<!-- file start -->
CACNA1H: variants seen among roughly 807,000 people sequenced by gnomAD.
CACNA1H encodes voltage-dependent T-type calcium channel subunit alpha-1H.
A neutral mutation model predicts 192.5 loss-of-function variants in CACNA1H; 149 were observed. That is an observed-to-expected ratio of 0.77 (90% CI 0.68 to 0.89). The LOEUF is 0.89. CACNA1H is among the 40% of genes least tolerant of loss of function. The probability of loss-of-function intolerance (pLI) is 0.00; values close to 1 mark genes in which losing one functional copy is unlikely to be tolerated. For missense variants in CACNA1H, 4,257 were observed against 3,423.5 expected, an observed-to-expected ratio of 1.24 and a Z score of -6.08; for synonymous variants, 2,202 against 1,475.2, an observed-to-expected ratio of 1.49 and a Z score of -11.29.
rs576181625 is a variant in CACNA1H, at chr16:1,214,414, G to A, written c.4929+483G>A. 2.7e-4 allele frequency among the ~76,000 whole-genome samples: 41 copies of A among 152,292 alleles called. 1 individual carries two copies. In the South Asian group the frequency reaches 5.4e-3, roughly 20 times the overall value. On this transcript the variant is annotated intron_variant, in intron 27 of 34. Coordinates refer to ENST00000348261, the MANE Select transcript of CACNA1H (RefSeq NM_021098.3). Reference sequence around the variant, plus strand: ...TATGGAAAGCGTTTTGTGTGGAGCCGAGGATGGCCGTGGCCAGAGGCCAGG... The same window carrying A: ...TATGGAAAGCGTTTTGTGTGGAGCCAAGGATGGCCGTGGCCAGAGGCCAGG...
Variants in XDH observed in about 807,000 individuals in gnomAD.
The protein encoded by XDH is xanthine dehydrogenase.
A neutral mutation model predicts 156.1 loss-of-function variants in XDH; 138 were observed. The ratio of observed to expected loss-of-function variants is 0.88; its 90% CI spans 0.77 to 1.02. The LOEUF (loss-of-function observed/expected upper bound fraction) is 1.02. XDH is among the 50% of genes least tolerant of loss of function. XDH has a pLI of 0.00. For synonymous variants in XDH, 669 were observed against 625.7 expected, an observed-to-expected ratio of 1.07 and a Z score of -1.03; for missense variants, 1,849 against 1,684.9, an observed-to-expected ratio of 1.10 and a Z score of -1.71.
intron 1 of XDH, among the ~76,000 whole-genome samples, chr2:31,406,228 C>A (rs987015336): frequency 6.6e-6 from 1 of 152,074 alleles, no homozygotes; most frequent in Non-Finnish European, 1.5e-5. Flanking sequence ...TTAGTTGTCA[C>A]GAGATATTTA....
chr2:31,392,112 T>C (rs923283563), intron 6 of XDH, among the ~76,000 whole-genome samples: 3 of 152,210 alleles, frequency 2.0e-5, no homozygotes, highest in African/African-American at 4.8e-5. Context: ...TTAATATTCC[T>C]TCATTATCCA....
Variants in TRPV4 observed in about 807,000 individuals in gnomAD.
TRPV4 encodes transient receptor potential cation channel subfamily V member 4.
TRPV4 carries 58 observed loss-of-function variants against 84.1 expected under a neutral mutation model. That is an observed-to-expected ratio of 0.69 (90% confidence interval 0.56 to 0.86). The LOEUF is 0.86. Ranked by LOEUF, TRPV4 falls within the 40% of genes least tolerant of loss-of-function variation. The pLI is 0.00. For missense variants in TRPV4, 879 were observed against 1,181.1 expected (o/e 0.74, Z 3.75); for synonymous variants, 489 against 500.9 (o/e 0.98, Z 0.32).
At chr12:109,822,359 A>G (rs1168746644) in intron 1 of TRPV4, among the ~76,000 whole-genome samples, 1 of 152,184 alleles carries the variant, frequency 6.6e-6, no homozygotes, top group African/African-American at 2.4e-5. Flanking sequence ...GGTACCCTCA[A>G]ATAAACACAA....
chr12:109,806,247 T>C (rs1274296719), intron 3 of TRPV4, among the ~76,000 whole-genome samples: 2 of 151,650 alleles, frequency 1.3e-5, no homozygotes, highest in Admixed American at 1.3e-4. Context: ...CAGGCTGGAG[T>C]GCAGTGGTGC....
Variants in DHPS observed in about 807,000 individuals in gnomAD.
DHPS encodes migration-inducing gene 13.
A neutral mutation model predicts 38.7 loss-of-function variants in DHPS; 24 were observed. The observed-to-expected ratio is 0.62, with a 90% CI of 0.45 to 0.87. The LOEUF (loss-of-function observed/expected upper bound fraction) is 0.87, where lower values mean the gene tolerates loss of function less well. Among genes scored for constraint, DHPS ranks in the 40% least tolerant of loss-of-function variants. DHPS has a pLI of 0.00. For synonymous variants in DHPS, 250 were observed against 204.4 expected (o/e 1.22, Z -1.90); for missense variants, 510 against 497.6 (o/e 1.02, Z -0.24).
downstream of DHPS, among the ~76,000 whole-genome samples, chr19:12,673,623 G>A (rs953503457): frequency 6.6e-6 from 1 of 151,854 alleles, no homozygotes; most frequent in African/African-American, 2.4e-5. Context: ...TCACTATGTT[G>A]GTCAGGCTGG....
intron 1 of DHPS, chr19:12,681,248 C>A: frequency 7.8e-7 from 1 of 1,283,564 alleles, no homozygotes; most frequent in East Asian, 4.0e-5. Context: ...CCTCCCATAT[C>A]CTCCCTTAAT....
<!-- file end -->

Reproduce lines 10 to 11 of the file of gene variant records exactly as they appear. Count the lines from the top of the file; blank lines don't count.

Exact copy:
Variants in TRPV4 observed in about 807,000 individuals in gnomAD.
TRPV4 encodes transient receptor potential cation channel subfamily V member 4.